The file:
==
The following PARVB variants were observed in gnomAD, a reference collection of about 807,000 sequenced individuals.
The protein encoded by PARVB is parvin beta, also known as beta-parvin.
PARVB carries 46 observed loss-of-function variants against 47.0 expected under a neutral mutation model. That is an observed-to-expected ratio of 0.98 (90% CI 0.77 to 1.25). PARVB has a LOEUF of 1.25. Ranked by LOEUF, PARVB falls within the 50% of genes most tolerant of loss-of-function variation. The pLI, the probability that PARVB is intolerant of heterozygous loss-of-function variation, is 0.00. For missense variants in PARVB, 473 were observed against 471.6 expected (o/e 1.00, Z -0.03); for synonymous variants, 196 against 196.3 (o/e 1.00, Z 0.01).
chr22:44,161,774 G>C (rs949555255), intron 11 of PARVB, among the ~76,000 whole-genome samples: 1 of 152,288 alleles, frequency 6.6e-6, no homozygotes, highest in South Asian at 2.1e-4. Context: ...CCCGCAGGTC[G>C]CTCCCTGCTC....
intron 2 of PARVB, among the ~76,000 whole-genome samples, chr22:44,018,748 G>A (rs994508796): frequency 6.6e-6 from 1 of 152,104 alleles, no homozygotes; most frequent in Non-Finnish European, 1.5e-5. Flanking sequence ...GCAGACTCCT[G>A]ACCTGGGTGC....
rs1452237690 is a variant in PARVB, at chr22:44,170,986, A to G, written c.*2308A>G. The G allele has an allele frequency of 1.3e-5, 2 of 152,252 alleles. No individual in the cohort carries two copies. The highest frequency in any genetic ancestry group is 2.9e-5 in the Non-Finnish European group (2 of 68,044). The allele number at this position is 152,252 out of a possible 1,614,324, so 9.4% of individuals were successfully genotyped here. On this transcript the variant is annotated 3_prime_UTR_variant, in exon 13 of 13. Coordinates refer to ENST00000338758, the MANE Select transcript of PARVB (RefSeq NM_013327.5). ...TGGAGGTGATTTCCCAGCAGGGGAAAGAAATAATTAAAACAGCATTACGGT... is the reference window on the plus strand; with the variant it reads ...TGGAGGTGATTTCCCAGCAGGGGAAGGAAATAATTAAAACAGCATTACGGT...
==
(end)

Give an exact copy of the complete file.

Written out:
The following PARVB variants were observed in gnomAD, a reference collection of about 807,000 sequenced individuals.
The protein encoded by PARVB is parvin beta, also known as beta-parvin.
PARVB carries 46 observed loss-of-function variants against 47.0 expected under a neutral mutation model. That is an observed-to-expected ratio of 0.98 (90% CI 0.77 to 1.25). PARVB has a LOEUF of 1.25. Ranked by LOEUF, PARVB falls within the 50% of genes most tolerant of loss-of-function variation. The pLI, the probability that PARVB is intolerant of heterozygous loss-of-function variation, is 0.00. For missense variants in PARVB, 473 were observed against 471.6 expected (o/e 1.00, Z -0.03); for synonymous variants, 196 against 196.3 (o/e 1.00, Z 0.01).
chr22:44,161,774 G>C (rs949555255), intron 11 of PARVB, among the ~76,000 whole-genome samples: 1 of 152,288 alleles, frequency 6.6e-6, no homozygotes, highest in South Asian at 2.1e-4. Context: ...CCCGCAGGTC[G>C]CTCCCTGCTC....
intron 2 of PARVB, among the ~76,000 whole-genome samples, chr22:44,018,748 G>A (rs994508796): frequency 6.6e-6 from 1 of 152,104 alleles, no homozygotes; most frequent in Non-Finnish European, 1.5e-5. Flanking sequence ...GCAGACTCCT[G>A]ACCTGGGTGC....
rs1452237690 is a variant in PARVB, at chr22:44,170,986, A to G, written c.*2308A>G. The G allele has an allele frequency of 1.3e-5, 2 of 152,252 alleles. No individual in the cohort carries two copies. The highest frequency in any genetic ancestry group is 2.9e-5 in the Non-Finnish European group (2 of 68,044). The allele number at this position is 152,252 out of a possible 1,614,324, so 9.4% of individuals were successfully genotyped here. On this transcript the variant is annotated 3_prime_UTR_variant, in exon 13 of 13. Coordinates refer to ENST00000338758, the MANE Select transcript of PARVB (RefSeq NM_013327.5). ...TGGAGGTGATTTCCCAGCAGGGGAAAGAAATAATTAAAACAGCATTACGGT... is the reference window on the plus strand; with the variant it reads ...TGGAGGTGATTTCCCAGCAGGGGAAGGAAATAATTAAAACAGCATTACGGT...